The accident had been horrible, the result undeniable. Lily had died. She had died in my arms.
I missed her smile, and her laughter, and her fragrance. Early in my grief I would see Lily everywhere—her form in a crowd, her face in a car, glimpses of her hair, her walk, her clothes. Of course my eyes lied. My heart subsisted on hope, but perished in reality.
And yet—there she was, walking down the street—very much alive. It was spring in Boston as she strolled down Beacon, the Public Garden behind her, Swan Boats gliding across the pond.
It was just another mirage, I told myself. But I had to know. I reached out my hand, fearing it would pass through her like it would a summer haze.
She turned to me, one eyebrow raised, head tilted slightly to the left, Lily’s signature look of curiosity.
“Lily?” I said. “I don’t understand.” My voice quavered. “I watched you—die. How can you be here?”
The lovely goddess blinked at me, something registering on her face—not recognition, but more like understanding.
“Oh, dear. I’m so sorry,” she said, as her feather-light hand rested on my shoulder. “I am not your Lily. What a shock for you. I know we looked so much alike. What’s your name?”
“I don’t believe you, and you know who I am.” I was shaking. “It’s Tom. Tom from Buffalo. And you are Lily. I know you are, in spite of that fake Southern accent. I’ll bet you have a tattoo—” I pointed. “Just there—a flower.”
“Actually, I do,” she said. “We all do.” With that, she pulled down the sleeve of her peasant dress, revealing her left shoulder, and the small red rose nestling in the hollow beneath her collar bone.
My scalp raised an inch, widening my eyes. The mark on Lily’s shoulder had been yellow, depicting her namesake flower. This clearly was not her.
“You knew her?” I said. “Who are you? How did you know her?”
“I’m her sister, of course. My name is Rose.”
“And I’m Santa Claus. Lily was an only child. I knew her parents. She didn’t have any sisters, let alone a twin. Who are you, really?”
Lily’s doppelganger slipped her arm around my waist, and we began to walk.
“I am not Lily’s twin—I’m much more than that. We had a secret, Lily and I,” Rose said. “Sorry you had to find out this way, but we don’t tell many people.” She stopped. “I can’t explain right now, but if you want answers—” She reached in her purse for pad and pen, and scribbled a note. “—come to this address on July thirteenth. It will be much easier to explain then.”
I read the note. “But this is in Texas! I can’t go to…”
But she was gone with a casual wave and a swirl of her dress, long blonde hair wafting in the April breeze.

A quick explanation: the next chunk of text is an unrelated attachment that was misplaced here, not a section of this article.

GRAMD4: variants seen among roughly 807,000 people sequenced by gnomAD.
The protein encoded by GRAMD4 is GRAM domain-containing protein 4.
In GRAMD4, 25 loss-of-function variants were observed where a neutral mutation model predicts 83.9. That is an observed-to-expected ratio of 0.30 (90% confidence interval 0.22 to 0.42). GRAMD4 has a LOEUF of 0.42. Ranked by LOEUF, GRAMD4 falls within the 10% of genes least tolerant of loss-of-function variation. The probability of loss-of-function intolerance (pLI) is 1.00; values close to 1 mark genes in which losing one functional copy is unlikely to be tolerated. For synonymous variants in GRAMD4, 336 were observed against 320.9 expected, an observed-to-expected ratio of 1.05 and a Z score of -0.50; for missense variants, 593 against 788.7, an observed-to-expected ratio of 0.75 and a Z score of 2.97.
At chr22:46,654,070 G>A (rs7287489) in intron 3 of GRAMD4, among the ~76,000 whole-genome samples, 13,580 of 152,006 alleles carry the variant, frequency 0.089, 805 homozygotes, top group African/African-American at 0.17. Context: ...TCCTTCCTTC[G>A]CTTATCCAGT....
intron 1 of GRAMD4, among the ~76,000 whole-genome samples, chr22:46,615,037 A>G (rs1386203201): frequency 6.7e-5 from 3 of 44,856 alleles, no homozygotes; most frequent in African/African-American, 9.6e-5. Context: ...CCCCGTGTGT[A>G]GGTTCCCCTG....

I borrowed some money and finagled time off to meet Rose in Dallas and solve the mystery. The note she had written said only, “DeGolyer Estate, Dallas TX.” A Google search revealed Everette Lee DeGolyer to have been a wealthy oilman and philanthropist. His mansion was now part of the Dallas Arboretum.
Arriving at the Spanish Colonial building on the appointed day, signs announced the National Bloom Society’s 29th Annual C-Day Celebration, and directed me to the old manor library. Entering the spacious room, thousands of tomes in floor-to-ceiling bookcases surrounded me in understated elegance.
But what took my breath away were two dozen or so beautiful women in colorful cocktail dresses, each one Lily’s identical twin. A melody of Martini glasses clinking together harmonized with the chorus of the girls’ lilting laughter. The music relaxed me, reminding me of happier times.
They turned toward me, an almost synchronized look crossing their faces, their right eyebrows raised in unison, heads tilted slightly to the left. Their dresses were all different, but harped on the common theme of exposing at least one shoulder, sometimes two. A floral tattoo, each one unique, nestled in the hollow beneath every woman’s left collar bone. The women also sported engraved nametags with monikers like, “Petunia,” “Lavender,” and “Daisy.”
One of the gals extracted herself and walked over to me with a gait that said “Lily”, but with a nametag that said “Rose.”
“I’m so glad you could make it, Tom. Surprised?”
“Stunned,” was all I could muster. “Who are you people? And don’t say you’re sisters.”